EPA announces policy change following Supreme Court ruling

 August 30, 2023

The Biden administration made a major policy reversal this week in response to a Supreme Court decision that came down earlier in the year. 

At issue was the court's ruling in Sackett v. Environmental Protection Agency, which significantly narrowed the definition of what can be regulated as Waters of the United States (WOTUS).

EPA head "disappointed" by ruling

Fox News reported that Environmental Protection Agency (EPA) Administrator Michael Regan responded by issuing a statement on Tuesday in conjunction with the U.S. Army Corps of Engineers.

"While I am disappointed by the Supreme Court’s decision in the Sackett case, EPA and Army have an obligation to apply this decision alongside our state co-regulators, Tribes, and partners," Regan said.

"We’ve moved quickly to finalize amendments to the definition of 'waters of the United States' to provide a clear path forward that adheres to the Supreme Court’s ruling," he continued.

"EPA will never waver from our responsibility to ensure clean water for all," Regan pledged. "Moving forward, we will do everything we can with our existing authorities and resources to help communities, states, and Tribes protect the clean water upon which we all depend."

Republican senator says changes do not go far enough

However, Regan's statement was met with criticism from West Virginia Republican Sen. Shelley Moore Capito, who responded with a statement of her own.

"Despite our warnings that the Biden WOTUS rule was clear regulatory overreach and the Supreme Court soundly rejecting its 'waters of the United States' definition, the administration continues to take an unserious approach to issuing a durable rule that provides stability to millions of Americans," Capito complained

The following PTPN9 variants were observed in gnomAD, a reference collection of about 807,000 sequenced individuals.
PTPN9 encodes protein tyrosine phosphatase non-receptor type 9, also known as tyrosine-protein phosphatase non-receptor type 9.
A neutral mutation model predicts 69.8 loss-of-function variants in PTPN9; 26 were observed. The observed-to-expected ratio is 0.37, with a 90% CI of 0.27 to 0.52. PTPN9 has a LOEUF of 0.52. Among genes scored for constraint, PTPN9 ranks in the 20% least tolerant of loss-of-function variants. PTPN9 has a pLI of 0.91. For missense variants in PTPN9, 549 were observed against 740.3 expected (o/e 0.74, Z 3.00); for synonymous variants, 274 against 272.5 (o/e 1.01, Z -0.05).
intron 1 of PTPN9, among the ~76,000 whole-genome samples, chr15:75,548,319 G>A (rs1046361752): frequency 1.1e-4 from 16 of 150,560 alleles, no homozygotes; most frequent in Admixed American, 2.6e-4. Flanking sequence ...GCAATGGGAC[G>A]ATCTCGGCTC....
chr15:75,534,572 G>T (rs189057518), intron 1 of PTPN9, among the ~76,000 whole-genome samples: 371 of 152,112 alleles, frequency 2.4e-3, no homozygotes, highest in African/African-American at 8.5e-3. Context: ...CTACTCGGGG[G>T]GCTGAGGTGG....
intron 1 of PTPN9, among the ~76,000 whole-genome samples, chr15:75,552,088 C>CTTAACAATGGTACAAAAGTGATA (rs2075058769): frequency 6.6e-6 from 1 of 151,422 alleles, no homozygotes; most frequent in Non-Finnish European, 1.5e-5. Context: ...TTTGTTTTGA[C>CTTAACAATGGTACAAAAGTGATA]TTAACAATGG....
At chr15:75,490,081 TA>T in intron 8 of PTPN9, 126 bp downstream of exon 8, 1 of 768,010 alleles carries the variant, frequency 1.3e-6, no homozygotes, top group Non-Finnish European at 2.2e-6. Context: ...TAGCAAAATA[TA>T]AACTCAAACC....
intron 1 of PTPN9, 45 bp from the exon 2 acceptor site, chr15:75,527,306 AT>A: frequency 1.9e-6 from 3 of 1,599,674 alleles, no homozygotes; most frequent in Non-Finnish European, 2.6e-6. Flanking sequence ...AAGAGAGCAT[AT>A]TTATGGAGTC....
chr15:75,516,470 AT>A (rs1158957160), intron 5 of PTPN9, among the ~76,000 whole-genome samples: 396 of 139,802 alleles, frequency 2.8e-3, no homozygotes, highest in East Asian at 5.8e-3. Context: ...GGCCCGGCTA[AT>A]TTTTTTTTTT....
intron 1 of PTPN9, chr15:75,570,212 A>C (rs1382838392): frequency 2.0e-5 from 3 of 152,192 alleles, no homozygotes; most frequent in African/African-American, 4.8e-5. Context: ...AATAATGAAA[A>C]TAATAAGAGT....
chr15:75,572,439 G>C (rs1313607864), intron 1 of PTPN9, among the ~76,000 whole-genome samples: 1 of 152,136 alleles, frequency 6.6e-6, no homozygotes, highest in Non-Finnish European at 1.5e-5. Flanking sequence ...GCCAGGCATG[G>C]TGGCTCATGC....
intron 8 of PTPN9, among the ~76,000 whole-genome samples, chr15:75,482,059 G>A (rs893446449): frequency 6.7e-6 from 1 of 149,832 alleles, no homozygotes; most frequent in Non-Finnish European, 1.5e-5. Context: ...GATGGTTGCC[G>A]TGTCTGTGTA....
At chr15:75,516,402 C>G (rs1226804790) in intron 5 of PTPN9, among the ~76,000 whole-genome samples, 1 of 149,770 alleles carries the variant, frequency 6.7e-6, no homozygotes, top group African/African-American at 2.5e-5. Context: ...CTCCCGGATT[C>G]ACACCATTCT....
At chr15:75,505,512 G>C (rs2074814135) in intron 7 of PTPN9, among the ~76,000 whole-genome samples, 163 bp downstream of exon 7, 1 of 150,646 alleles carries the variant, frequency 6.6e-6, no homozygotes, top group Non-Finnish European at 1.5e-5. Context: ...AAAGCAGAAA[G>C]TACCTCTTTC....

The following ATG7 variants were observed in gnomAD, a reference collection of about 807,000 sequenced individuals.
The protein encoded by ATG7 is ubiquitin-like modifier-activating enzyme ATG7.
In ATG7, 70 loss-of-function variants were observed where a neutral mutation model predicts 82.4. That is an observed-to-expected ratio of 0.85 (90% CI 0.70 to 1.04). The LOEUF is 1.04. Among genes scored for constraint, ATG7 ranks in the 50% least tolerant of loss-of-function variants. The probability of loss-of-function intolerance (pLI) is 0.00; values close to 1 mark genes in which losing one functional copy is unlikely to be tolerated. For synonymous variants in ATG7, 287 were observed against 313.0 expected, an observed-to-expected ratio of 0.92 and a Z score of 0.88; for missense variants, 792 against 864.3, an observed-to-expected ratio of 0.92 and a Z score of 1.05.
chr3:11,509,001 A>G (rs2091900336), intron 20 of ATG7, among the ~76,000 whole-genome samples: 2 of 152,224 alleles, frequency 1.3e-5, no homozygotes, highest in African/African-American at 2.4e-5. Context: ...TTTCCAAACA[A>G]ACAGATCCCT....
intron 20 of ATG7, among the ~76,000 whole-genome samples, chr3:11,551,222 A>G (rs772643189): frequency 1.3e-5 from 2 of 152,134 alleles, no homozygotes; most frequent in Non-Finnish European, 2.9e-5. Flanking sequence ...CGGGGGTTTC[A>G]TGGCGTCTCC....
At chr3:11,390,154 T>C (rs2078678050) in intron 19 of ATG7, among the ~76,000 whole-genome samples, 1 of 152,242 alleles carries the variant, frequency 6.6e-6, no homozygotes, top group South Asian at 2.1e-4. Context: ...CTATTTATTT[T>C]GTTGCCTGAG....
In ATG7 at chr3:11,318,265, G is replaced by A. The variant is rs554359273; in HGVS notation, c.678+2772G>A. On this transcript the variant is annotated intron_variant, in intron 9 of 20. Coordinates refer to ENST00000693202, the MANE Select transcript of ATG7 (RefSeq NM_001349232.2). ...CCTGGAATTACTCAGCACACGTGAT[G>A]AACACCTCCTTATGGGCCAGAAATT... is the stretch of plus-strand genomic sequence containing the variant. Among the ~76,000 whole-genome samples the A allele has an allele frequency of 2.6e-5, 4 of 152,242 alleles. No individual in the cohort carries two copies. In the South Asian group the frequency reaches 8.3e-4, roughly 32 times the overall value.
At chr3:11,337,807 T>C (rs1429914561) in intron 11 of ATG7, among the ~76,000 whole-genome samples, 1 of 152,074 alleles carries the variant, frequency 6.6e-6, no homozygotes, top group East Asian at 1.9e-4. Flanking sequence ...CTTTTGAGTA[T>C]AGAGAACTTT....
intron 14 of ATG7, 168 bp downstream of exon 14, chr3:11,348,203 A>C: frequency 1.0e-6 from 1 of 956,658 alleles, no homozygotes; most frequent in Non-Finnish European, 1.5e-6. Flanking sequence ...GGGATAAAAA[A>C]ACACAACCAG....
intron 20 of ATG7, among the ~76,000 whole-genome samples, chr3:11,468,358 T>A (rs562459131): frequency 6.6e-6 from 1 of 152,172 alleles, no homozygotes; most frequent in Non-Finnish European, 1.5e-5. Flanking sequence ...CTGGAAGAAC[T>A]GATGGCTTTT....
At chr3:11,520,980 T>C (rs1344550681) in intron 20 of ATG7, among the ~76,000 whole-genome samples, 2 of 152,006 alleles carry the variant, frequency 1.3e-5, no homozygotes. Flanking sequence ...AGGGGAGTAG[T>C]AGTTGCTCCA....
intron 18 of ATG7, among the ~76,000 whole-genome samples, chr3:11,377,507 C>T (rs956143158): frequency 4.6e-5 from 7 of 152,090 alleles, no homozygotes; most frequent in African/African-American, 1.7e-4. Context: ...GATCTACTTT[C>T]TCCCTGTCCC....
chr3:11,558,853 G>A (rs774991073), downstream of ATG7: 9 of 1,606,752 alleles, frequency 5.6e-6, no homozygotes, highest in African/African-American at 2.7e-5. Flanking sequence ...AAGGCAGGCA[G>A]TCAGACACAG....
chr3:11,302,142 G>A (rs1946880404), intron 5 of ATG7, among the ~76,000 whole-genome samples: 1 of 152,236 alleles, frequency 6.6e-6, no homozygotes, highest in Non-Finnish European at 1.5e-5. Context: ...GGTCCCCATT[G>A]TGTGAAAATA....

"I’m disappointed this rushed rule lacks public outreach and real transparency, results in a definition that is at odds with the law, and will likely be rejected once again in the courts," she declared.

Also voicing criticism was the Waters Advocacy Coalition, a group representing small businesses, farmers and ranchers, homebuilders and manufacturers.

Group unsatisfied with new policy

"This revised rule does not adequately comply with Supreme Court precedent and with the limits on regulatory jurisdiction set forth in the Clean Water Act," group chairwoman Courtney Briggs was quoted as saying. "Even worse, the agencies blocked public input and engagement in the revision process."

"This is unfortunate as clean water is a public health and economic priority for our nation’s businesses, their employees, customers and the communities in which they operate," Briggs continued.

"The administration is proving again that it does not understand that categorizing land or water features as non-federal waters does not mean that they are unprotected and that it intends to broaden the scope of the federal government’s power — even if it defies the law," she added.

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Thomas Jefferson
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